The Chunara are an ethnic group found in the state of Gujarat in India. A small number are also found in the port city of Karachi in Pakistan. There are now two communities of Chunara, one Hindu and the other Muslim.
The word chunara in Gujarati literally means someone who manufactures chuna (lime). According to their traditions, they were originally Rajputs who migrated from Rajasthan to Gujarat and joined the army of Gaekwars of Baroda. After having a fall out with their employer, the Maratha ruler of Baroda, they took to manufacturing lime. A section of the Chunara then converted to Islam, and there are now distinct communities, one Hindu and the other Muslim.The Kadias and Bricklayers are also called Chunaras or lime-men whose main profession is brick laying, though a few among them work as masons.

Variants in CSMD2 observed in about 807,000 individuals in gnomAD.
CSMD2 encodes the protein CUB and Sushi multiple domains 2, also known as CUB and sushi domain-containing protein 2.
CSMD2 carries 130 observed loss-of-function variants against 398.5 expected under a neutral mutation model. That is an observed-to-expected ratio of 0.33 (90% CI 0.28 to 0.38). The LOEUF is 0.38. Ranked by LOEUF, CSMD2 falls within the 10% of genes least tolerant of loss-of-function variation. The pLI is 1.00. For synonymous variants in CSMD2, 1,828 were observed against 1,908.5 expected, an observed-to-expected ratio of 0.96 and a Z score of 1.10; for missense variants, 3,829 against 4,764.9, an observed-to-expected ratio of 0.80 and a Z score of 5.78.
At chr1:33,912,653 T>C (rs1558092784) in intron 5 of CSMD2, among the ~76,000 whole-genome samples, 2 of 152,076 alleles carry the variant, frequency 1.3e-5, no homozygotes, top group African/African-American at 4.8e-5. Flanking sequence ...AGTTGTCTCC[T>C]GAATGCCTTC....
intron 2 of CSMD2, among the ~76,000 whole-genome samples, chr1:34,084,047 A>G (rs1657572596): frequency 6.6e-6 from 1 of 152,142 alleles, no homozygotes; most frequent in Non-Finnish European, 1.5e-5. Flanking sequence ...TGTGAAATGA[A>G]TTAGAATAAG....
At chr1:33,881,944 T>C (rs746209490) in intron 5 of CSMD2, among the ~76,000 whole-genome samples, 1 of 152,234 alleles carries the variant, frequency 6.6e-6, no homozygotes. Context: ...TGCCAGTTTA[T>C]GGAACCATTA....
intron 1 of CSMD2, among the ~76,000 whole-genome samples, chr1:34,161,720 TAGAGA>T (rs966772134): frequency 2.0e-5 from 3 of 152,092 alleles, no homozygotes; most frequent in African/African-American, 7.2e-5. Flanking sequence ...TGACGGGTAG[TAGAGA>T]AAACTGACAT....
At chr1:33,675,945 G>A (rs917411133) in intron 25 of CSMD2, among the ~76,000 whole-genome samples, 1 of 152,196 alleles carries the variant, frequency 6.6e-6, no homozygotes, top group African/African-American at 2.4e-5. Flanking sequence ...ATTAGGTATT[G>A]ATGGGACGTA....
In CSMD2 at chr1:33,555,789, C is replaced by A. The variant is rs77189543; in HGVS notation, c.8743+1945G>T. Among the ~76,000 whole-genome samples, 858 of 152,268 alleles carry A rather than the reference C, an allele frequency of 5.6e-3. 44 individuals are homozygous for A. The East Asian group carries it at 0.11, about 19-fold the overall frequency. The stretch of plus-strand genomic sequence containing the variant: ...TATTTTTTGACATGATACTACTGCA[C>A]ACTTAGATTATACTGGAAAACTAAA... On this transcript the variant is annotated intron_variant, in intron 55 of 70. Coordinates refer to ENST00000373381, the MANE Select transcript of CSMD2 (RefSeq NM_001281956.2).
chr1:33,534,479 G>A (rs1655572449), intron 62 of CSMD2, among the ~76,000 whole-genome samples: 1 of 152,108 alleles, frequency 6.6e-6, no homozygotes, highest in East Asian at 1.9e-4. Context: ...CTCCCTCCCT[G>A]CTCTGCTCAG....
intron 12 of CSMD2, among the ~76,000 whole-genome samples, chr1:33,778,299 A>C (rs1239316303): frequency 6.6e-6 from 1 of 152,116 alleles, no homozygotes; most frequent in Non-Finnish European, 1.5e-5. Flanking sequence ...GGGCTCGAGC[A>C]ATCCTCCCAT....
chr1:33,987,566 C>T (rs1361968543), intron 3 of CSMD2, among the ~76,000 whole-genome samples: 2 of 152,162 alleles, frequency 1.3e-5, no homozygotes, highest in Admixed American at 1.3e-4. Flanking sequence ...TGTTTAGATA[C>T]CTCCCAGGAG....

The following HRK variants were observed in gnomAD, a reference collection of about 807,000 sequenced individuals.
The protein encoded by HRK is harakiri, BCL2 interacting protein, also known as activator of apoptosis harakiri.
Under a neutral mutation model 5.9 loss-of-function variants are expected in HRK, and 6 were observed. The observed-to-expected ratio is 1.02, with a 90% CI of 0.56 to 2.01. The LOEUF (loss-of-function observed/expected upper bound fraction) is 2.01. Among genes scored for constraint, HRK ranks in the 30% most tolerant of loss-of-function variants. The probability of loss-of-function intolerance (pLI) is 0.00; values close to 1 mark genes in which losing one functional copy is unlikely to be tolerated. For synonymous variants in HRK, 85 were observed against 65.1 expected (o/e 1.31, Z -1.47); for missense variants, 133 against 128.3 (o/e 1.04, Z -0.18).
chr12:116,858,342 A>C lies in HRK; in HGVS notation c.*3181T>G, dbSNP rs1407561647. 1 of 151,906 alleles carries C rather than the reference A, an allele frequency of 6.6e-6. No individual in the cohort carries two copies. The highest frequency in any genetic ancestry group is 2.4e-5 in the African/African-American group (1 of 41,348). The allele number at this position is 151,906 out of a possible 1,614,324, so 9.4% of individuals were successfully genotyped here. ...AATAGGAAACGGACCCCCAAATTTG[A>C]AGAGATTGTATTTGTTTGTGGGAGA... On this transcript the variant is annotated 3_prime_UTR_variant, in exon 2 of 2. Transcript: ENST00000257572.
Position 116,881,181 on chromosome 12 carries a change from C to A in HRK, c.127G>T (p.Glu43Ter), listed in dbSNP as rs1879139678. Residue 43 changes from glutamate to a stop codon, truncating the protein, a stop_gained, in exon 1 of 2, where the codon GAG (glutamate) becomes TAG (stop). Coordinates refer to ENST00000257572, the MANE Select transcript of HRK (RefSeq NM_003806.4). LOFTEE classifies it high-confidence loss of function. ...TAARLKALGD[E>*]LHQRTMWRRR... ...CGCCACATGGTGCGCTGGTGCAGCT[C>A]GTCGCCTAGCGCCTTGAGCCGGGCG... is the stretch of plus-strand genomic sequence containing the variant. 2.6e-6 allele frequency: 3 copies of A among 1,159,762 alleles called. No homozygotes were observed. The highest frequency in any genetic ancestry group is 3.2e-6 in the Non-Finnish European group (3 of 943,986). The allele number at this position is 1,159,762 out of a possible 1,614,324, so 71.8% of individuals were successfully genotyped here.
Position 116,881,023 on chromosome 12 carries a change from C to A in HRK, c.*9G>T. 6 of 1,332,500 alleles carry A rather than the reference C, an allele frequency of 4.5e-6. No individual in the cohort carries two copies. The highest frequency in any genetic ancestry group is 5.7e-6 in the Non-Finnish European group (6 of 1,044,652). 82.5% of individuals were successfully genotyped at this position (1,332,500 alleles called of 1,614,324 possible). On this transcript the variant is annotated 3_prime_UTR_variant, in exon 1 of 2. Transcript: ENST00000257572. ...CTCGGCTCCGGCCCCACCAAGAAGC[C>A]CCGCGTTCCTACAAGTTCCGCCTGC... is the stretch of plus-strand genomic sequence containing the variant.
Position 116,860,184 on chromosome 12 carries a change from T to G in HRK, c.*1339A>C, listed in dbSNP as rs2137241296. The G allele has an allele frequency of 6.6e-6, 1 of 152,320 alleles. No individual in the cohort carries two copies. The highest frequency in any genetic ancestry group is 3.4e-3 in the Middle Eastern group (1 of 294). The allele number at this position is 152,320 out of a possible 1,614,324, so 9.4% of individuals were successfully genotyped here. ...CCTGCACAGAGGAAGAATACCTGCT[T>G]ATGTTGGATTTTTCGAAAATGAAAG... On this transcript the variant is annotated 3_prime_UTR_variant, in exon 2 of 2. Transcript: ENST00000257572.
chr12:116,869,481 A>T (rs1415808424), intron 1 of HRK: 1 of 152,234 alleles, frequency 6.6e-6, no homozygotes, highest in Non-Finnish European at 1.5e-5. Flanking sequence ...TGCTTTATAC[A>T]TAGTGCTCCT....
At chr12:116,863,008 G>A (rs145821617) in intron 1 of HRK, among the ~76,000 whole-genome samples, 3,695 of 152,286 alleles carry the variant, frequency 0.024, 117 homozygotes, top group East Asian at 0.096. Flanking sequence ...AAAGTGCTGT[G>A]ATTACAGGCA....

Some members communities still own lime kilns employing other Chunaras. Other than selling lime, some Chunara are now also petty businessmen. The Chunara are endogamous, with the Hindu section practising clan exogamy. The Muslim Chunara marry close kin, and practice both cross cousin and parallel cousin marriages. For the Hindu community, the goddess Hinglaj Mata is a tribal deity. The Muslims belong to the Sunni sect.
- People of India Gujarat Volume XXI Part One edited by R.B Lal, P.B.S.V Padmanabham, G Krishnan & M Azeez Mohideen pages 298-299
- Chunara Community Gujarat, Part 1 By Kumar Suresh Singh, Rajendra Behari Lal, Anthropological Survey of India.
- Chunara India's communities, Volume 1 by Kumar Suresh Singh, Anthropological Survey of India.